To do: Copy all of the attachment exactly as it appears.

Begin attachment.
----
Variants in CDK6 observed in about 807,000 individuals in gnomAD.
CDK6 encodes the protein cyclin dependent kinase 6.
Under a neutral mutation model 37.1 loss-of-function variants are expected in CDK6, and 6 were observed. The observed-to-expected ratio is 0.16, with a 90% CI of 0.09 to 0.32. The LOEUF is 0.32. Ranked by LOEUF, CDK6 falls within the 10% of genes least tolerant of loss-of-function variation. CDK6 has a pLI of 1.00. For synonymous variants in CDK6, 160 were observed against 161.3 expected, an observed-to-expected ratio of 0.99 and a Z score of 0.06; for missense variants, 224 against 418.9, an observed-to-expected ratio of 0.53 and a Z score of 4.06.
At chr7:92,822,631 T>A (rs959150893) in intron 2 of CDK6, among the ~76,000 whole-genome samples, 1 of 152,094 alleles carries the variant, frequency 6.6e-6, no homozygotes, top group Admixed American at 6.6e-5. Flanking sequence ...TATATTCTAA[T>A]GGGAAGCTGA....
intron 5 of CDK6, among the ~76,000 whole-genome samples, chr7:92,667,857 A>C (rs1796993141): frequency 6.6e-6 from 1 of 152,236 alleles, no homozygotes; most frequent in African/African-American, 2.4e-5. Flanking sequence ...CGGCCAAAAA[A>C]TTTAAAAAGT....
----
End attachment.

Variants in CDK6 observed in about 807,000 individuals in gnomAD.
CDK6 encodes the protein cyclin dependent kinase 6.
Under a neutral mutation model 37.1 loss-of-function variants are expected in CDK6, and 6 were observed. The observed-to-expected ratio is 0.16, with a 90% CI of 0.09 to 0.32. The LOEUF is 0.32. Ranked by LOEUF, CDK6 falls within the 10% of genes least tolerant of loss-of-function variation. CDK6 has a pLI of 1.00. For synonymous variants in CDK6, 160 were observed against 161.3 expected, an observed-to-expected ratio of 0.99 and a Z score of 0.06; for missense variants, 224 against 418.9, an observed-to-expected ratio of 0.53 and a Z score of 4.06.
At chr7:92,822,631 T>A (rs959150893) in intron 2 of CDK6, among the ~76,000 whole-genome samples, 1 of 152,094 alleles carries the variant, frequency 6.6e-6, no homozygotes, top group Admixed American at 6.6e-5. Flanking sequence ...TATATTCTAA[T>A]GGGAAGCTGA....
intron 5 of CDK6, among the ~76,000 whole-genome samples, chr7:92,667,857 A>C (rs1796993141): frequency 6.6e-6 from 1 of 152,236 alleles, no homozygotes; most frequent in African/African-American, 2.4e-5. Flanking sequence ...CGGCCAAAAA[A>C]TTTAAAAAGT....